Australia’s NSW government pledges to introduce conversion therapy ban this year
The NSW (New South Wales) government in Australia has pledged to push forward plans to introduce a conversion therapy ban.
LGBTQ+ advocate groups had feared that plans to introduce legislation on the traumatic practice, promised by the NSW government earlier this year, would be delayed or put on ice.
In an email to its members, seen by the publication, ACL’s managing director Michelle Pearse claimed that the group had made over 8,000 calls to MPs to ask them to reconsider the conversion therapy ban.
The claims sparked fears among gay conversion survivor groups, who wrote to NSW Attorney-General Michael Daley calling for the government to push the conversion therapy ban through as soon as possible.
“We are especially concerned that the Australian Christian Lobby has now claimed credit for delaying progress on reforms,” the letter read.
“Banning conversion practices should be about protecting the health and welfare of LGBTQ people first and foremost, not appeasing those who seek to perpetrate those practices at the expense of the health and welfare of LGBTQ people.”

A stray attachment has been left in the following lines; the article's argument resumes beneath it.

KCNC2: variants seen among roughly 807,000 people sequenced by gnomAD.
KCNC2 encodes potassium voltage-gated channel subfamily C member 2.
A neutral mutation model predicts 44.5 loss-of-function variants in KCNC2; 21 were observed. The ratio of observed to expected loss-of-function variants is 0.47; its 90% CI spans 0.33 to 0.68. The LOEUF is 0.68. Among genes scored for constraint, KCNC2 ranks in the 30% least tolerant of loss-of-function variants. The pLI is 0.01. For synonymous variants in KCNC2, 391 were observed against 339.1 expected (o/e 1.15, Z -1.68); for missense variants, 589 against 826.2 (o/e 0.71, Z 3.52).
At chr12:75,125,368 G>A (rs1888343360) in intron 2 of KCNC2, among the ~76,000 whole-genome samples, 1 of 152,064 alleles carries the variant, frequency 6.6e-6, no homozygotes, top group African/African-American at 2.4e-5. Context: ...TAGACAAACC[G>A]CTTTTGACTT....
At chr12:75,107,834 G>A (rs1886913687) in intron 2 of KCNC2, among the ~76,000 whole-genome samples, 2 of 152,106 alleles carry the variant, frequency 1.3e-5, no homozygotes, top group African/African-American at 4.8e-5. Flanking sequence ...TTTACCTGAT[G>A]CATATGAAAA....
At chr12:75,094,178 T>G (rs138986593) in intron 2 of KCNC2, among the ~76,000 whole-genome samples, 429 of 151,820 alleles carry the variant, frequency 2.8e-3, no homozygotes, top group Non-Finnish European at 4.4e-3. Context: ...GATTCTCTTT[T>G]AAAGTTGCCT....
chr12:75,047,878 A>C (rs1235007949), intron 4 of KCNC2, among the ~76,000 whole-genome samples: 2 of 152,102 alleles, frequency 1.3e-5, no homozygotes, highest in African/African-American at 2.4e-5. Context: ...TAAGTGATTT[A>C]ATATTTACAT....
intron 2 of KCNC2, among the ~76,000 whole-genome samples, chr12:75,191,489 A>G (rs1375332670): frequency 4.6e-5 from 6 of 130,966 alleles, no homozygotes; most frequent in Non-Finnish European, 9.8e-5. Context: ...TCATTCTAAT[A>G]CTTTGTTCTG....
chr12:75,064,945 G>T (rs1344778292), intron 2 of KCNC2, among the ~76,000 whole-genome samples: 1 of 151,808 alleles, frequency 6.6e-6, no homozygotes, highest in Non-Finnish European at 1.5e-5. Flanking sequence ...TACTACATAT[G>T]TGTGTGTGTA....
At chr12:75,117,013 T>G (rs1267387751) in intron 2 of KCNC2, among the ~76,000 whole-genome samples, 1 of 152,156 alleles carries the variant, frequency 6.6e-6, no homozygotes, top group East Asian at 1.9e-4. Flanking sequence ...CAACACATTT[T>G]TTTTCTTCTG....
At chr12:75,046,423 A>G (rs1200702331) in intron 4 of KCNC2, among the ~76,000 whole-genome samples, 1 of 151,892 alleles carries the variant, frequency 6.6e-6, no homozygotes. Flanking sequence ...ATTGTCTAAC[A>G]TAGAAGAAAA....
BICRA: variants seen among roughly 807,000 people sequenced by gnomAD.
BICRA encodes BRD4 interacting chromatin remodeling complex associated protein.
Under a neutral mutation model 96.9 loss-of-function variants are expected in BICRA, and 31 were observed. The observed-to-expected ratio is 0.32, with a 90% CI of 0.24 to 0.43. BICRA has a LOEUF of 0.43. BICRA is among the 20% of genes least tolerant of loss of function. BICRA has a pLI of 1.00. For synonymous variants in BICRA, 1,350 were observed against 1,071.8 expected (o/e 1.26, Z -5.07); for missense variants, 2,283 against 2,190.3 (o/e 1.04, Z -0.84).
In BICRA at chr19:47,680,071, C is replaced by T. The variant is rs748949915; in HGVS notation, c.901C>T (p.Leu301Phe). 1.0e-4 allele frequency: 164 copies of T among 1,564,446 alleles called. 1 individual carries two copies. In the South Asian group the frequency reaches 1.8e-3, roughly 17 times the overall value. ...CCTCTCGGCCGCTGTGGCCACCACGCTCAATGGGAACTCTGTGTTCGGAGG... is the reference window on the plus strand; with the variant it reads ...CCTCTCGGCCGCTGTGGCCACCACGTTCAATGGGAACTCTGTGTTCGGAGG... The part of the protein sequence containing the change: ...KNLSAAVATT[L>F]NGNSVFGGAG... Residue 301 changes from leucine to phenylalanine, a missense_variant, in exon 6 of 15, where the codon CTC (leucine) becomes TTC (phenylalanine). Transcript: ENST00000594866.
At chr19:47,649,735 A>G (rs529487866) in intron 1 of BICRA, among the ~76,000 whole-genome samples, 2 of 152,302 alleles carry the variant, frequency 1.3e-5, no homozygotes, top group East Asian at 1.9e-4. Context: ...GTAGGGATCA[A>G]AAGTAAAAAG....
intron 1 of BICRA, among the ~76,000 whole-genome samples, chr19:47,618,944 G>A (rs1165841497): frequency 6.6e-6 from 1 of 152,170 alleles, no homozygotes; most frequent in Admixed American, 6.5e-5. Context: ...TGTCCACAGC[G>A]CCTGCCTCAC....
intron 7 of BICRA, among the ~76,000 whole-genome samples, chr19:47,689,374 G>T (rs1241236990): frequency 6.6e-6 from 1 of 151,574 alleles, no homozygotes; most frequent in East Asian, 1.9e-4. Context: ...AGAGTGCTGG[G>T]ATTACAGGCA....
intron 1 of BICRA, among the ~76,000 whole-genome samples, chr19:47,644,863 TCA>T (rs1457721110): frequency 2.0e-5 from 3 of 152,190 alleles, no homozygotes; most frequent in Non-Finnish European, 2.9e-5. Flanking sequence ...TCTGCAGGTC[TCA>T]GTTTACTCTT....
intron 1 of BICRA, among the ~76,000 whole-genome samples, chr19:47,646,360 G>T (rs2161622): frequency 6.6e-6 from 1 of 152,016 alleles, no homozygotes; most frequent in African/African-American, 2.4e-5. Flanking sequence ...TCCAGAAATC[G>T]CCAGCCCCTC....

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Now, a spokesperson for the NSW premier’s office has confirmed that laws banning gay conversion practices would be brought forward and introduced to parliament before the year’s end, ABC reports.
This is particularly promising news, as it was previously reported that the laws would not be introduced until 2024.
“Labor made an election commitment to ban LGBTQ+ conversion practices, consultation was the first step in developing our own bill to bring to Parliament – this will happen by the end of year,” said a government spokesperson.
While Equality Australia CEO Anna Brown has welcomed the government’s pledge to introduce the legislation by the end of the year, she warned that said legislation must be strong and thorough.
“Any scheme to end conversion practices will only be effective if it is inclusive of all practices that seek to change or suppress a person’s sexual orientation or gender identity, including health and religious settings,” she said.
New South Wales is following in the footsteps of Victoria, Queensland, and the ACT, who have already introduced bans on gay conversion therapy.
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